There is this story about Warren Buffett and his pilot. As the story goes, the pilot is talking about his goals and dreams, and Buffett gives him a three-part exercise. The first step is to write down his top 25 goals. The second step was to select his top 5 from the list, the ones that he wanted. When he finished, Buffet asked him what he was going to do about the other 20 goals, and the pilot suggested he’d work on them when he could. Buffett explained that that strategy was precisely wrong, that he should avoid the other 20 at all costs.
Buffett is also famous for this quote: “The difference between successful people and really successful people is that really successful people say no to almost everything.”
One of the challenges for people who are capable and who enjoy different projects is that they are easily seduced by the opportunity to participate and contribute to an endless parade of “opportunities.” When you know you can create value for other people, it’s difficult to refuse to help, especially when it makes you feel good to do so. And then, there is the fear of missing out.
Over is Under
The willingness to say “yes” to the 20, or 30, or 257 things that you might enjoy and that might be fun, interesting, and maybe even valuable means one ends up being overcommitted. Saying “yes” to the requests for help and potential opportunities is how you end up with so many commitments that it is difficult to manage them all, and difficult to do your very best work. As negative as those things might be, they are not the real negative outcome that comes from saying “yes.” What makes saying “yes” detrimental to your success is that it indicates that you are uncommitted.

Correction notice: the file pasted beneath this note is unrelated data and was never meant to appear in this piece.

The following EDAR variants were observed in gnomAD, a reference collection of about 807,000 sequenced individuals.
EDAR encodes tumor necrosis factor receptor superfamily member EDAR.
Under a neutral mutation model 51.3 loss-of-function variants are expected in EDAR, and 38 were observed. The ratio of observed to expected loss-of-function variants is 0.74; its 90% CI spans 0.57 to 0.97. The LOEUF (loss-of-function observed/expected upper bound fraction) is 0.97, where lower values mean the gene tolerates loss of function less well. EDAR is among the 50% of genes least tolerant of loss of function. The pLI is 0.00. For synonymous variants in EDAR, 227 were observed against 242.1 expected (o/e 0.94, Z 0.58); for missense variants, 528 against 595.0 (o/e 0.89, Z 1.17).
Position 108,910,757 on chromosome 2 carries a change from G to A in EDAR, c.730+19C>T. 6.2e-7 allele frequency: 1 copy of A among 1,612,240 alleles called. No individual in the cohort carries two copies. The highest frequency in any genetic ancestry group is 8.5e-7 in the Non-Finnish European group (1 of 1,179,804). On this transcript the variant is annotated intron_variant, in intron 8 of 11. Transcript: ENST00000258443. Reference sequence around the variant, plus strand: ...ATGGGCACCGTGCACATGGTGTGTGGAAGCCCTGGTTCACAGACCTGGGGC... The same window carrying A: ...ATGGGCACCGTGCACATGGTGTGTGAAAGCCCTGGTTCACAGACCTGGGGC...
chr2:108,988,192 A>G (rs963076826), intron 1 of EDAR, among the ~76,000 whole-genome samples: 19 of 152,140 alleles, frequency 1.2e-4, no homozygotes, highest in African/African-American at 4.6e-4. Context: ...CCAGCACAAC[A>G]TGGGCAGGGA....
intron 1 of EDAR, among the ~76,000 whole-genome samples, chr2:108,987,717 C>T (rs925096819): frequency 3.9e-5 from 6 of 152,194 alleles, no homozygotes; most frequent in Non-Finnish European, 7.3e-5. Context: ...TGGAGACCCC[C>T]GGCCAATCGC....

Imagine you have a metric that it made up of your time, your attention, and your resources (think money, energy, favors and help you need, etc.). Let’s call this Metric E, with the letter “E” representing your effort. Each day, you have 100 percent of Metric E to do the work to move all your projects forward, completing the most important tasks. Because you have agreed to participate in this project and that new initiative, none of which are anywhere near making the list of your top 3 priories (I have removed 2 from Buffet’s list), you start the day with commitments that account for about 50 percent of Metric E. You are, sadly left with only 50 percent for what you know to be the most critical projects, goals, and tasks.
All these commitments that are not your own mean you are uncommitted, not overcommitted.
Uncommitted to Your Goals and Dreams
Without meaning to, you can wind up overcommitted on your calendar and uncommitted to your goals and dreams. You can end up investing your time, energy, and resources in things that, while being fun and exciting and potential opportunities, strip you of the resources you need to move your own goals and projects forward. Your commitment to your goals and dreams is something less than your commitment to all the things that you might do that are not your own.
Shifting your results here requires that you say no to the many other things that you might do, even the ones that you want to participate in so that you can devote yourself to what is most important. The way to make this shift is to increase your commitment to your own goals and dreams and to make that commitment so great that it crowds out your willingness to agree to devote any significant portion of your Metric E to things that don’t move you closer to what you want.
Of course, you can still help others. You can still participate in things that might be fun and interesting and provide new opportunities, but not before you do what is necessary to keep the commitment that you owe yourself and your goals.
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